As a warning, this mentions Halloween.

In New Zealand we’ve slowly adopted some of the American events such a Halloween.  They’re not big, but there’s usually decorations in the stores, and trick or treaters who roam the neighbourhood on the night.  In the 10 years that I’ve lived in my current accommodation, there have probably been less that five visits from trick or treaters… so, not a big deal.  This year, for some reason, I became excited at the idea of possibility of handing out sweets… I think as part of my current eating disordered behaviour – I can hand out the sweets, but not eat any of them. I had them in the house for days leading up to Halloween as a type of  punishment, and taunt.

On the night, I was both scared and a young kind of excited… I wanted to see the children having fun, and smiling… I wanted acceptance within the community…

But, no trick or treaters knocked on my door.  As the night wore on, the internal voices of self-hatred and shame, amplified… the main message was that everyone in the world knew how crazy I was, and therefore didn’t want their children to take lollies from the “crazy woman in that house”.

As the internal talk of hatred became more intense, there was a drive to punish myself for being so crazy that no one wanted to go anywhere near me…  The method of punishment? Well, that was easy…  There was this nice big bowl of food that I’d been punishing myself with for the last week… why not make the most of it?

So I did…

I had never understood how violent, and self-abusive eating disorders were, until now.  I look back on what happened with a stunned, rather hollow feeling.  Did I really say those things to/about myself?  Did I really do those actions?  It all seems so surreal now.  But, I know it happened…

Another layer of shame…

Shame… such a simple looking word, yet it is so very powerful.  It can destroy you… totally and utterly destroy you.  It comes from within, so knows which buttons to push to play with your head and emotions.  Once it starts, it’s almost impossible to reality check back into any sort of reasonable context.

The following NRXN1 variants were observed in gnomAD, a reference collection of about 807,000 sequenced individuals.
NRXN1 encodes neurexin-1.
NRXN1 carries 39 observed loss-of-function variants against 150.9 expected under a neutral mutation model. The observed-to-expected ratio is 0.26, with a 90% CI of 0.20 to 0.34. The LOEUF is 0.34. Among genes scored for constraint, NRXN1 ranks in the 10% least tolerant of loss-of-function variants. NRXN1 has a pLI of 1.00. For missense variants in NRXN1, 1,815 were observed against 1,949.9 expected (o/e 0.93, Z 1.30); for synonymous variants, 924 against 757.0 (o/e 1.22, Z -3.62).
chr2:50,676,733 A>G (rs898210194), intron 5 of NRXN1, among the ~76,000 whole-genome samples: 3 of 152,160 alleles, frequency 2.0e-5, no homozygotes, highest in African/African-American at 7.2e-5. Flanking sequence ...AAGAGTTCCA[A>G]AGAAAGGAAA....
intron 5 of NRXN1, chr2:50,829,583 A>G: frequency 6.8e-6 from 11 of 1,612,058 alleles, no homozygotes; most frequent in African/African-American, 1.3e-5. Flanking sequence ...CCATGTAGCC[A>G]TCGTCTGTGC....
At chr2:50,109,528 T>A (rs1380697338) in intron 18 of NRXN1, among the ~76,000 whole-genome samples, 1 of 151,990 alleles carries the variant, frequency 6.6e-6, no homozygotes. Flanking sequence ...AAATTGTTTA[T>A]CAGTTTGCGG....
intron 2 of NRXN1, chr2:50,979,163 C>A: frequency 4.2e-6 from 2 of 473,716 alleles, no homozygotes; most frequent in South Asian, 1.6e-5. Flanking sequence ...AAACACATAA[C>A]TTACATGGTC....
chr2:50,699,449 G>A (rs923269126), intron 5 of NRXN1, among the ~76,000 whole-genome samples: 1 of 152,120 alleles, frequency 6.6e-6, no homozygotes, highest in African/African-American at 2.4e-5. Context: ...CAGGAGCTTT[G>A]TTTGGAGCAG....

Last night, it reared its head again… I found I’d been unfriended on a social network by someone I thought was a friend; and found out through a public forum something that in the past the person involved would have talked with me about, but didn’t…  That was enough for the messages about the world seeing my craziness to kick in again.  I went for a hard, fast, punishing walk as a result… but encountered so many people, that I was constantly panicking.

When I returned home, I had to comfort my mother, who had lost a good friend earlier in the day… always those demands to care for others… make sure that others are ok… make sure they see the socially acceptable me, rather than the well of darkness, evil and shame that I truly am…

I described some of this to a shocked Alison on Monday… she had no idea how extreme my self-hatred was.  She asked me to do something interesting… to put aside the shame, and self-hatred for a second to see what would happen… I tried, and memories and images came flooding through…  So, it seems as if my shame and self-hatred has a protective element to it.  They help keep me “safe” from the overwhelming aspects of my past… I honestly don’t know which is worse.

Now playing: Seether – Remedy

My world is crashing in on me

My world is crashing in on me, and no one sees. That’s ok, because I am one of many.